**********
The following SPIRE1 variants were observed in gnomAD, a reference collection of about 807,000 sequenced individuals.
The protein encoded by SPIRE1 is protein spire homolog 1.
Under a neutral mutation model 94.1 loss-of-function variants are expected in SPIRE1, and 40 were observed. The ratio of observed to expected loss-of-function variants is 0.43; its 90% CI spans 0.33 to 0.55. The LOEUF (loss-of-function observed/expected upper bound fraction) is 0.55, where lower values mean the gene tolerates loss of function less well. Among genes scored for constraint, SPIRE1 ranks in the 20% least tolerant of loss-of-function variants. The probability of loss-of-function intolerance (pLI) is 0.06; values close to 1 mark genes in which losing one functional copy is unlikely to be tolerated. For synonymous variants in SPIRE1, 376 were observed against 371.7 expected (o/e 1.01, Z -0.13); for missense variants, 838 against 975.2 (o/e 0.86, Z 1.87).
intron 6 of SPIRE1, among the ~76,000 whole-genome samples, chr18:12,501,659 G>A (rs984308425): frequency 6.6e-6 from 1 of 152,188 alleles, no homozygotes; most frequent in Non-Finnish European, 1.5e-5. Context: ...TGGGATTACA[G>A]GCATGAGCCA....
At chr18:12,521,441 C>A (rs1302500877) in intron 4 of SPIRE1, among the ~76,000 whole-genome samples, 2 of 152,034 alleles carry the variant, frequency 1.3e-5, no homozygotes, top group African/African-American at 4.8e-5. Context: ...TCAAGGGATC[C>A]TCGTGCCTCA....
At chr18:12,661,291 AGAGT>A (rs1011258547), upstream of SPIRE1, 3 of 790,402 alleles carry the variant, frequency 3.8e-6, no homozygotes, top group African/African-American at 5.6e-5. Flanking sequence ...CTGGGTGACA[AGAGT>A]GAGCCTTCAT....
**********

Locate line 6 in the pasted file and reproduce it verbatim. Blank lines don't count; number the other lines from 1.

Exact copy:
At chr18:12,661,291 AGAGT>A (rs1011258547), upstream of SPIRE1, 3 of 790,402 alleles carry the variant, frequency 3.8e-6, no homozygotes, top group African/African-American at 5.6e-5. Flanking sequence ...CTGGGTGACA[AGAGT>A]GAGCCTTCAT....